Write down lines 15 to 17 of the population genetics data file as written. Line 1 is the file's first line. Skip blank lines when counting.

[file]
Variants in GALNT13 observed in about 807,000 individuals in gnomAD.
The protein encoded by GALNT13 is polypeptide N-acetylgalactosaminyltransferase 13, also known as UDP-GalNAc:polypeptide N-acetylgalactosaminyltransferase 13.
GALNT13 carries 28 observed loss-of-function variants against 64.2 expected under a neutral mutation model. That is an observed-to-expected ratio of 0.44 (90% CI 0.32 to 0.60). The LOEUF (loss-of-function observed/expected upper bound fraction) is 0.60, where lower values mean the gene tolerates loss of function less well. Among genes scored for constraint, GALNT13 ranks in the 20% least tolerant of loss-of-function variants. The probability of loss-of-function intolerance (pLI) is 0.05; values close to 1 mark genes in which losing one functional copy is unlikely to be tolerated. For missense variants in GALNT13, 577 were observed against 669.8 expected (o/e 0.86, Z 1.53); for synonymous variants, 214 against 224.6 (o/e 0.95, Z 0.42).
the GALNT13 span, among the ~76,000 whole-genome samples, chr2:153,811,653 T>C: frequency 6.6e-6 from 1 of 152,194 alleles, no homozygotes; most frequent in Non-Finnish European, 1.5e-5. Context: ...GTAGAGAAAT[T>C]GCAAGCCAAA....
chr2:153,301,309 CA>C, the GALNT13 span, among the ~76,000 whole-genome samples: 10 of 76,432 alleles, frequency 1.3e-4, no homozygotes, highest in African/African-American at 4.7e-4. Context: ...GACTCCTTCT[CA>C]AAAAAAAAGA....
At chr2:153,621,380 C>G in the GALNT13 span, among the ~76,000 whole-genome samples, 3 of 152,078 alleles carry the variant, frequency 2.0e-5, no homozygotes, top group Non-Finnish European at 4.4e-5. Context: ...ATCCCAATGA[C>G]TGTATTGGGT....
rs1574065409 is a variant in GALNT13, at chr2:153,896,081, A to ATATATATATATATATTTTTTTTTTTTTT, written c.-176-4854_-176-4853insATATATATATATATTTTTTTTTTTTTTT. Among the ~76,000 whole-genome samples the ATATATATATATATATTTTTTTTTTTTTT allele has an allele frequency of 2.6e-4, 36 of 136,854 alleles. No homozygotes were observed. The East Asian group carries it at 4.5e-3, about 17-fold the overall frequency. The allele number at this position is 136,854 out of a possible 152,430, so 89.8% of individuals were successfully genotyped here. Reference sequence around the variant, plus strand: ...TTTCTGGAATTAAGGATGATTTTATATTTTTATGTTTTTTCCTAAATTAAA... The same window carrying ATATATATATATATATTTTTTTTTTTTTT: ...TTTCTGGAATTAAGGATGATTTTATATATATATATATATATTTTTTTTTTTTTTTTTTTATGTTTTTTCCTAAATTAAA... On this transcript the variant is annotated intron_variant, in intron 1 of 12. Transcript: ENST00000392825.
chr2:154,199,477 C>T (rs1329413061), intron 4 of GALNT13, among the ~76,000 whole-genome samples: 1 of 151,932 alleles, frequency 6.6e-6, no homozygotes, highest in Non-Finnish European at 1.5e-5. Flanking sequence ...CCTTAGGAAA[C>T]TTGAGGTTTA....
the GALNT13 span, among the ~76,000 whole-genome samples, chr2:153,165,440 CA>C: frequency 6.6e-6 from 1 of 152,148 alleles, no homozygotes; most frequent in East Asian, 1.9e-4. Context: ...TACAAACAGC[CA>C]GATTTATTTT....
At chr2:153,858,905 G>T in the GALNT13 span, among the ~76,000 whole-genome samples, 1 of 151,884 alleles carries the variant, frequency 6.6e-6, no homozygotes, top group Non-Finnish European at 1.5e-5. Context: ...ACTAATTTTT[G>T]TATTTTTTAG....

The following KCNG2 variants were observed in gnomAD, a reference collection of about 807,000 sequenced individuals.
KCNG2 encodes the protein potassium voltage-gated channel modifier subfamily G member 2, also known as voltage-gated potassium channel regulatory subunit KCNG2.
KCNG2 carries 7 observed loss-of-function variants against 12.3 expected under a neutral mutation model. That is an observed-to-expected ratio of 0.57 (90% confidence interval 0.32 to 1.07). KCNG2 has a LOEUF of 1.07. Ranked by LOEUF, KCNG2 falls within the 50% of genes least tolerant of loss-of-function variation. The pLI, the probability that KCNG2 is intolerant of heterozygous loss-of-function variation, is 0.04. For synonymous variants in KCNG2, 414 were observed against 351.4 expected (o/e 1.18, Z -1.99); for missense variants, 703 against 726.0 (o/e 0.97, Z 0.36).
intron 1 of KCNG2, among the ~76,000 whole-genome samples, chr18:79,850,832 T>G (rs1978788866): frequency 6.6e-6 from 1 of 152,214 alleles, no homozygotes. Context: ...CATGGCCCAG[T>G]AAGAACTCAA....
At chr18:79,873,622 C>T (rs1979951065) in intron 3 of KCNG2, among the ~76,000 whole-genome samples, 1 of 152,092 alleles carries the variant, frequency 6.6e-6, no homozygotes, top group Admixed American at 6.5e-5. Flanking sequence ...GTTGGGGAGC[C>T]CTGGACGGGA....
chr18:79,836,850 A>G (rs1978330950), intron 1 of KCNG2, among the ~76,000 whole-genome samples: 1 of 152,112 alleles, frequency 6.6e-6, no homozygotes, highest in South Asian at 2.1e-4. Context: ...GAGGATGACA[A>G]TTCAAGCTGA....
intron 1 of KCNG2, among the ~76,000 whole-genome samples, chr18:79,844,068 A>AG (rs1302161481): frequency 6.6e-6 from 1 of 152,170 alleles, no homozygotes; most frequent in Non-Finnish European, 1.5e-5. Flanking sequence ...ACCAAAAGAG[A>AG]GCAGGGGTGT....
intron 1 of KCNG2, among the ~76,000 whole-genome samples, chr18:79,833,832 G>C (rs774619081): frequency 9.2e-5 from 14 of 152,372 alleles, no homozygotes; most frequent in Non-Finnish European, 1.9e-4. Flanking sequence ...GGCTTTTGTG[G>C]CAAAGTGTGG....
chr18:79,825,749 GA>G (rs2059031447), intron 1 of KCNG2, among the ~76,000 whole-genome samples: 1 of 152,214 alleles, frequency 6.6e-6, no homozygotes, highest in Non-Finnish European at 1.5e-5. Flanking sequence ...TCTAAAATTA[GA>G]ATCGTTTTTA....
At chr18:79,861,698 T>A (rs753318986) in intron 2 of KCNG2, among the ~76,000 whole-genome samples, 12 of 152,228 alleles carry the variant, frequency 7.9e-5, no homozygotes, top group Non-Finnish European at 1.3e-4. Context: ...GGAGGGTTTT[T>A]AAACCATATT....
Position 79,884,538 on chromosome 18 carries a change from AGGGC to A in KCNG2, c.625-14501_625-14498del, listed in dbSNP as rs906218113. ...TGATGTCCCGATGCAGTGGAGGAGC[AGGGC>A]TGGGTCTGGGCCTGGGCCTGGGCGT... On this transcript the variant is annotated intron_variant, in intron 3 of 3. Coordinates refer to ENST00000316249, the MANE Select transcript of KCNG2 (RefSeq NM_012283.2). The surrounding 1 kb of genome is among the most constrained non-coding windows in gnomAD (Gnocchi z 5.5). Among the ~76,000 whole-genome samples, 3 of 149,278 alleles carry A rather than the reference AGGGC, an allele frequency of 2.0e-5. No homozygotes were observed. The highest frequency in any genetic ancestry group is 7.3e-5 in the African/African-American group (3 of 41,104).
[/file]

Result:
At chr18:79,873,622 C>T (rs1979951065) in intron 3 of KCNG2, among the ~76,000 whole-genome samples, 1 of 152,092 alleles carries the variant, frequency 6.6e-6, no homozygotes, top group Admixed American at 6.5e-5. Flanking sequence ...GTTGGGGAGC[C>T]CTGGACGGGA....
chr18:79,836,850 A>G (rs1978330950), intron 1 of KCNG2, among the ~76,000 whole-genome samples: 1 of 152,112 alleles, frequency 6.6e-6, no homozygotes, highest in South Asian at 2.1e-4. Context: ...GAGGATGACA[A>G]TTCAAGCTGA....
intron 1 of KCNG2, among the ~76,000 whole-genome samples, chr18:79,844,068 A>AG (rs1302161481): frequency 6.6e-6 from 1 of 152,170 alleles, no homozygotes; most frequent in Non-Finnish European, 1.5e-5. Flanking sequence ...ACCAAAAGAG[A>AG]GCAGGGGTGT....